If not treated promptly, running injuries can worsen and force you to take a long break. Speak to a physiotherapist to get the right treatment for your situation. In cases of chronic Achilles tendonitis or plantar fasciitis that cannot be treated with physiotherapy, treatment with tenotomy or ultrasound-guided PRP injections may help you heal.

Fine-tune your technique

If your injury is the result of a poor running technique, it will return after treatment. To fine-tune your technique, speak to a kinesiologist or physiotherapist.

Choose soft surfaces

The harder the surface you run on, the greater the impact on your joints. Running on grass, a rubber track, sand or gravel is better for your body than running on asphalt.

Add variety to your training

Adding a low impact sport, such as cycling or swimming, to your training can help you perform better when running. This way, you can improve your aerobic health while giving your joints a break.

An ounce of prevention

Running carries multiple risks of injury, some minor, some more serious. It is important for runners to know how to identify the early signs of a running injury and to consult the right health care professional to treat the injury.

Working on your technique with a professional can help you reduce the risk and prevent running-related injuries. A few simple tips could make a big difference, helping you achieve your goals safely and enjoyably.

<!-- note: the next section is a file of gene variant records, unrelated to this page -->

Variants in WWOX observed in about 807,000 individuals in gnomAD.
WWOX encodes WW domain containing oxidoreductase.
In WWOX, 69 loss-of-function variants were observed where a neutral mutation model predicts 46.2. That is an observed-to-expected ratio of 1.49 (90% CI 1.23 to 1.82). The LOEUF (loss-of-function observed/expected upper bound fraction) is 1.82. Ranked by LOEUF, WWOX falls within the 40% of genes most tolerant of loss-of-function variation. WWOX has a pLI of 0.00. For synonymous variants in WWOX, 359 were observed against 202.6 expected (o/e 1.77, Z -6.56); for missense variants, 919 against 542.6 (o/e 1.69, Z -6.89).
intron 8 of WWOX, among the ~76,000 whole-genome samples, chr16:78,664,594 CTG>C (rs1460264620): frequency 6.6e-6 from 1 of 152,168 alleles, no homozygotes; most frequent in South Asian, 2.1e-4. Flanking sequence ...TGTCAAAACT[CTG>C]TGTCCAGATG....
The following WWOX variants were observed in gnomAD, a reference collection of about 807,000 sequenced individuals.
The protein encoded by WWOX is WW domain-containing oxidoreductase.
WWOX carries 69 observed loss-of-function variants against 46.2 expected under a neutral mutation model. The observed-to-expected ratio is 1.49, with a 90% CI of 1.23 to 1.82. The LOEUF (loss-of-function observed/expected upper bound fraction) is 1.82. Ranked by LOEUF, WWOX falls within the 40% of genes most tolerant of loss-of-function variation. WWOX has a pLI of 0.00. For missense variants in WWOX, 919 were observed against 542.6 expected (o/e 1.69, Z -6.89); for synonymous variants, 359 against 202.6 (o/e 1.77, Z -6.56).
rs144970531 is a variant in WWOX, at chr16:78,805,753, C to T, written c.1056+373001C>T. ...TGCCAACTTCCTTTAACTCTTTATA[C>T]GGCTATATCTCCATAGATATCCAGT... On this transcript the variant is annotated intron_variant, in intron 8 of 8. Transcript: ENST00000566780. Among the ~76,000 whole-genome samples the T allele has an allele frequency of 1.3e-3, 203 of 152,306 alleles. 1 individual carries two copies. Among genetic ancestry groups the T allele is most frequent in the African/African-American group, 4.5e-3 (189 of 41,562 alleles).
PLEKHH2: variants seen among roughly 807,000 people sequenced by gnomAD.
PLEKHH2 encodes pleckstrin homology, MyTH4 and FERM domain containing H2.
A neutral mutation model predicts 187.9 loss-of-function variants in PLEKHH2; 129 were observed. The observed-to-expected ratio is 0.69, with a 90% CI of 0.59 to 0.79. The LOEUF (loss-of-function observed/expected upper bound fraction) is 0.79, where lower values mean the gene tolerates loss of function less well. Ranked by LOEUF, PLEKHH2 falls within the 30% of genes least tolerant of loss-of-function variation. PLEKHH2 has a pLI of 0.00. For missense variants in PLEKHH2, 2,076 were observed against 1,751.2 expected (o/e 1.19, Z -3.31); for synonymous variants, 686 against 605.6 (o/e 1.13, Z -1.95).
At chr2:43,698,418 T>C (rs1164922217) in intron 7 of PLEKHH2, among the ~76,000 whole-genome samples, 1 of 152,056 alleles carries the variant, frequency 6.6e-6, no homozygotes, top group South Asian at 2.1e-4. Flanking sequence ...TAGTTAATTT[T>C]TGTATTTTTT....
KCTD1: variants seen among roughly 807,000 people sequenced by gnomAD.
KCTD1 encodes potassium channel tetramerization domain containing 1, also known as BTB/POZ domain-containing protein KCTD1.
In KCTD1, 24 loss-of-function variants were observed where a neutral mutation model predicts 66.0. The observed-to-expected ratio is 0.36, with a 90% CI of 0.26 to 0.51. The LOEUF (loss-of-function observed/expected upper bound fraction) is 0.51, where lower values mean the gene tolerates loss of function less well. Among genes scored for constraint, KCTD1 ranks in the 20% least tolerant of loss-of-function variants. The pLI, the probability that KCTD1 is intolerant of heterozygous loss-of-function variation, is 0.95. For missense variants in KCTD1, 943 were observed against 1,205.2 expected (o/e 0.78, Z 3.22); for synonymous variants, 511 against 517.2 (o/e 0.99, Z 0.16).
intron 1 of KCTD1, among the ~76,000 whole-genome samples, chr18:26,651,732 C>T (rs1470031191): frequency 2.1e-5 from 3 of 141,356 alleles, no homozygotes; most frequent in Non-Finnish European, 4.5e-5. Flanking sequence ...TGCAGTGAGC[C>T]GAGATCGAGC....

For professional support, we’re here.

We provide services that can help your doctor diagnose disorders musculoskeletal disorders and determine the right treatment.

Do you have a medical prescription for one of these tests? Please book an appointment online or contact Biron Health Group’s customer service at 1-833-590-2712.

Sources10
  1. Maarten P. van der Worp et al. “Injuries in Runners: A Systematic Review on Risk Factors and Sex Differences,” PLOS ONE (2015): Vol. 10, # 2, e0114937, https://www.ncbi.nlm.nih.gov/pmc/articles/PMC4338213/ (accessed May 12, 2021).
  2. Ashley Mateo. “Quick Fixes for the 15 Most Common Running Injuries,” Runner’s World, (April 27, 2021), https://www.runnersworld.com/health-injuries/a35994829/running-injuries/ (accessed May 12, 2021).
  3. Mateo, op. cit.
  4. Uniprix. “La fasciite plantaire,” https://www.uniprix.com/fr/conseils/1/sante/la-fasciite-plantaire#:~:text=La%20fasciite%20plantaire%20est%20une,soutient%20la%20cambrure%20du%20pied (accessed May 12, 2021).
  5. Mateo, op. cit.
  6. Ibid.
  7. Kinatex. “Thérapie par ondes de choc radiales,” https://www.kinatex.com/services/physiotherapie/therapie-par-ondes-de-choc-radiales/ (accessed May 12, 2021).
  8. Akram Abdel Moneim Deghady et al. “Platelet-Rich Plasma in Treatment of Plantar Fasciitis: Randomized Double-Blinded Placebo Controlled Study,” Journal of Applied Clinical Pathology (2019): Vol 2, #1, p. 1, https://scitemed.com/article/2623/Platelet-Rich-Plasma-in-Treatment-of-Plantar-Fasciitis-Randomized-Double-Blinded-Placebo-Controlled-Study (accessed May 12, 2021).
  9. Dr. Bailey. “Runner’s Knee (Patellofemoral Pain Syndrome),” Perimeter North Medical Associates, https://pnfm.com/about-us/articles/runners-knee (accessed May 12, 2021).
  10. Daniel Yetman. “The 8 Most Common Running Injuries,” Healthline (July 31, 2020), https://www.healthline.com/health/running-injuries (accessed May 12, 2021).
Dr Roxanne Labranche
Radiologist and Kinatex